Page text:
LawTalk Blog

Can I subpoena my ex’s bank records?

Can I subpoena my ex’s bank records for Family Law?

Family Law disputes can give rise to a plethora of issues, one commonly being that one party feels that the other party is not being honest when it comes to disclosing their financial circumstances.

The process of “disclosure” plays a pivotal role in Family Law property settlements and is a process that can be fraught with complications if both parties don’t abide by the disclosure rules.

Let’s look at the following example:

Bob and Jo separated 12 months ago.

Six months ago Jo decided to issue court proceedings for property settlement after negotiations between Bob and Jo broke down.

There is a Court Order in place stating that each party must make mutual informal disclosure to each other within a period of 28 days.

When Jo receives Bob’s disclosure she becomes concerned. She distinctly remembers that during their relationship Bob had a Commonwealth Bank account. There are no documents provided by Bob that have disclosed a Commonwealth Bank account.

Jo asks her solicitor to request information from Bob’s solicitor about the Commonwealth Bank account.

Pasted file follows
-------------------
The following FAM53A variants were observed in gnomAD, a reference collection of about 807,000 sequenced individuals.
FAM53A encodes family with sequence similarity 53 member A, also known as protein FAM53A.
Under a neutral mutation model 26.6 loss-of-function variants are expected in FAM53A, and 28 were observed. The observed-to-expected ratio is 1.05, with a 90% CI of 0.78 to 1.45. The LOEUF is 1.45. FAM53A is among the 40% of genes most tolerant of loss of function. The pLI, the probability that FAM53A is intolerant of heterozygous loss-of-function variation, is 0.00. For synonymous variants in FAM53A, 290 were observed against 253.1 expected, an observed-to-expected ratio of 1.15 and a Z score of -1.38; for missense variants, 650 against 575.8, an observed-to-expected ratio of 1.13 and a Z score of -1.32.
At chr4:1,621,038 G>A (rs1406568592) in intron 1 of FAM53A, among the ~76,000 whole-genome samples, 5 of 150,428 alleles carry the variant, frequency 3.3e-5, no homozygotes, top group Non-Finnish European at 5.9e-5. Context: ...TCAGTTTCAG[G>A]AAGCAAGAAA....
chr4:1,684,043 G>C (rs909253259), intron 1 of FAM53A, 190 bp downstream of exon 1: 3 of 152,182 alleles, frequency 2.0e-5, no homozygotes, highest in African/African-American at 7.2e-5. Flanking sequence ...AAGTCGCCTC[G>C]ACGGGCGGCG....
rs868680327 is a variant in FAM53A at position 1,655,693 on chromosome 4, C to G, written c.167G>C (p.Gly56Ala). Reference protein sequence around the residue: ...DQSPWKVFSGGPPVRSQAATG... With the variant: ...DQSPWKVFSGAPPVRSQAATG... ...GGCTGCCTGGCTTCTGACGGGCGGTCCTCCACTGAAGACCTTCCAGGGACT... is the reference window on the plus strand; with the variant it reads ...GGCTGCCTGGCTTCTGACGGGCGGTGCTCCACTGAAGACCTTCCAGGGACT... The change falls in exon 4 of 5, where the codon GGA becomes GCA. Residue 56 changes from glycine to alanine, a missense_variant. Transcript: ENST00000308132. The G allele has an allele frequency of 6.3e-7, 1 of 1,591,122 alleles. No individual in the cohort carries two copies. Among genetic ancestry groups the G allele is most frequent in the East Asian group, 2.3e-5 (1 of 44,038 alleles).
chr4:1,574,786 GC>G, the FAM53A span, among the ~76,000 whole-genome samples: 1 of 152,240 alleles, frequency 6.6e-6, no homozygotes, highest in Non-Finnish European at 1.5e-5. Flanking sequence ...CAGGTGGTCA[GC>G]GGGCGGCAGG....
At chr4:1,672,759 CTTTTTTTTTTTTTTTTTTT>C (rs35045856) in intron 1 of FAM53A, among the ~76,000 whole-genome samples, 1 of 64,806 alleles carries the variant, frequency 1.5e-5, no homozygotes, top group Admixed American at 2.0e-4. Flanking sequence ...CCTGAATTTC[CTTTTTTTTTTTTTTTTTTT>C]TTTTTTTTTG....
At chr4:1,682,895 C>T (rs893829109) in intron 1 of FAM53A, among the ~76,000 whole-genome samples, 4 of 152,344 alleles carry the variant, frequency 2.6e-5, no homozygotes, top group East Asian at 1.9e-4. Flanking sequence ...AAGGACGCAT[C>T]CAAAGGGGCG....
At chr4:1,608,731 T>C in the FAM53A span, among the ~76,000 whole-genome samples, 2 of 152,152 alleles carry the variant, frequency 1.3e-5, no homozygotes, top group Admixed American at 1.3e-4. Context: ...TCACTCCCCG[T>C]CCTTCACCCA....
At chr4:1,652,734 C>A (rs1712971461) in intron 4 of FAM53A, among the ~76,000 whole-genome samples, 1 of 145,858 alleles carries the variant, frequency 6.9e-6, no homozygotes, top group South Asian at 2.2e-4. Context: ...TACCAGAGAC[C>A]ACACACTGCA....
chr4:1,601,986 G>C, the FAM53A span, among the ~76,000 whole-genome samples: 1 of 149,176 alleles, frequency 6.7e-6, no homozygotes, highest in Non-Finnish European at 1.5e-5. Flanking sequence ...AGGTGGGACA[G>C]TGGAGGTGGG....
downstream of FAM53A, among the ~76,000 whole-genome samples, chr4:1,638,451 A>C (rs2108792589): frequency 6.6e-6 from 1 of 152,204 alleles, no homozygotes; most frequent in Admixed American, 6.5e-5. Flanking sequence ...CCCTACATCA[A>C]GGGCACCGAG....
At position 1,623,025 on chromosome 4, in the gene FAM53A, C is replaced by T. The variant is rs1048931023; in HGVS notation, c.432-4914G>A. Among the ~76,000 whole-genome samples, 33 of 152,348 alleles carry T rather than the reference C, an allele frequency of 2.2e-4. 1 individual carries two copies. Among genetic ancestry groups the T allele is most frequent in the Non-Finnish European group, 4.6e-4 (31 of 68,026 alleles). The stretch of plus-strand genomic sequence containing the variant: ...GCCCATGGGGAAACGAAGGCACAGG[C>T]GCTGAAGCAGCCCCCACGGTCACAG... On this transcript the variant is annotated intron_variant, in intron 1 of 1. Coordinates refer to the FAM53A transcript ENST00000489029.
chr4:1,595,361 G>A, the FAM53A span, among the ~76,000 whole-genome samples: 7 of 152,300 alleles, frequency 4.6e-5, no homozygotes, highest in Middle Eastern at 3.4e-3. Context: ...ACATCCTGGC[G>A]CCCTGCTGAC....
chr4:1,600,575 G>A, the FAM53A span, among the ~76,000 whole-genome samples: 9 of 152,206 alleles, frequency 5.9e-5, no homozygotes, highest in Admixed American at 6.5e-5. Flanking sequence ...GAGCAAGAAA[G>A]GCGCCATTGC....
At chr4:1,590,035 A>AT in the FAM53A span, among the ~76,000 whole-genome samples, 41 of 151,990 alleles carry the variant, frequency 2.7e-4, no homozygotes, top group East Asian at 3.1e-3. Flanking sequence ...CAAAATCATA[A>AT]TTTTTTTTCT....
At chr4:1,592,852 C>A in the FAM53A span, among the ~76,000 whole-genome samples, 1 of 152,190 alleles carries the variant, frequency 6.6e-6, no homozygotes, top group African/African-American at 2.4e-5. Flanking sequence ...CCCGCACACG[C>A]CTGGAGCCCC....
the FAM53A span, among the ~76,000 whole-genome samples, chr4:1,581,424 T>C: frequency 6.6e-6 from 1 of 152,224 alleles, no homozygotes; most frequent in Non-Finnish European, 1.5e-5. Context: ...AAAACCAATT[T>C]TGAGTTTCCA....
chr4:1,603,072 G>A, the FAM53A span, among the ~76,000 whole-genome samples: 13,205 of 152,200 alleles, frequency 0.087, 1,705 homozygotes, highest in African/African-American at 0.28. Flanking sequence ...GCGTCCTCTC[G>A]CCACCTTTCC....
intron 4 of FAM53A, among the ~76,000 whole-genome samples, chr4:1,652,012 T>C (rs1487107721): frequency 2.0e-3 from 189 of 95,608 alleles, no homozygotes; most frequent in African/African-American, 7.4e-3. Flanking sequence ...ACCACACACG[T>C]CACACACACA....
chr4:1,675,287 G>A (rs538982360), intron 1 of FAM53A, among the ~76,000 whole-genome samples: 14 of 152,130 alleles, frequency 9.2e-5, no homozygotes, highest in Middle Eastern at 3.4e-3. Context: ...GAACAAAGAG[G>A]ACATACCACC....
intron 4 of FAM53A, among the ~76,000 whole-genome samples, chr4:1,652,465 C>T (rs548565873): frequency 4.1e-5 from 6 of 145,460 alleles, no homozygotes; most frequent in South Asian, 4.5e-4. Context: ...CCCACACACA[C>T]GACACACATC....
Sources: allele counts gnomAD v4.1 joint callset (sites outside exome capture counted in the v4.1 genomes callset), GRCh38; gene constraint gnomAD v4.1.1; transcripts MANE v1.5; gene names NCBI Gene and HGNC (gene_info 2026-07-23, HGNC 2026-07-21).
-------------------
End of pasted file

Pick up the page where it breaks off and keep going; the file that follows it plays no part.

Bob’s solicitor responds and states that Bob instructs that he has never had a Commonwealth Bank account.

Jo can remember seeing Commonwealth Bank statements in Bob’s name in the letterbox during their relationship.

What can Jo do to confirm whether or not Bob has ever held an account with the Commonwealth Bank?

In light of Bob not disclosing his entire financial status, the most sensible course of action would be to issue a subpoena to the Commonwealth Bank.

In Family Law proceedings a subpoena is a document which requires the production of information and evidence from an individual or an organisation. In Jo’s case it would be appropriate to seek any and all records of past or present bank accounts held in Bob’s name with the Commonwealth Bank.

Unfortunately some litigants in Family Law feel that they can ignore the disclosure rules by not supplying all of their relevant financial information. Often this is because that party intends to hide money or assets in an attempt to prevent such assets being included in the asset pool for division.

Rest assured there are ways and means where the Court can circumvent such dishonest behaviour and obtain potentially missing or incomplete information, with subpoenas being one of the various ways.

If the party who withheld information is found by the Court to have deliberately withheld that information, significant penalties such as costs orders can apply.

Please note, this Blog is posted in Adelaide, South Australia by Andersons Solicitors. It relates to Australian Federal legislation. Andersons Solicitors is a medium sized law firm servicing metropolitan Adelaide and regional South Australia across all areas of law for individuals and businesses.

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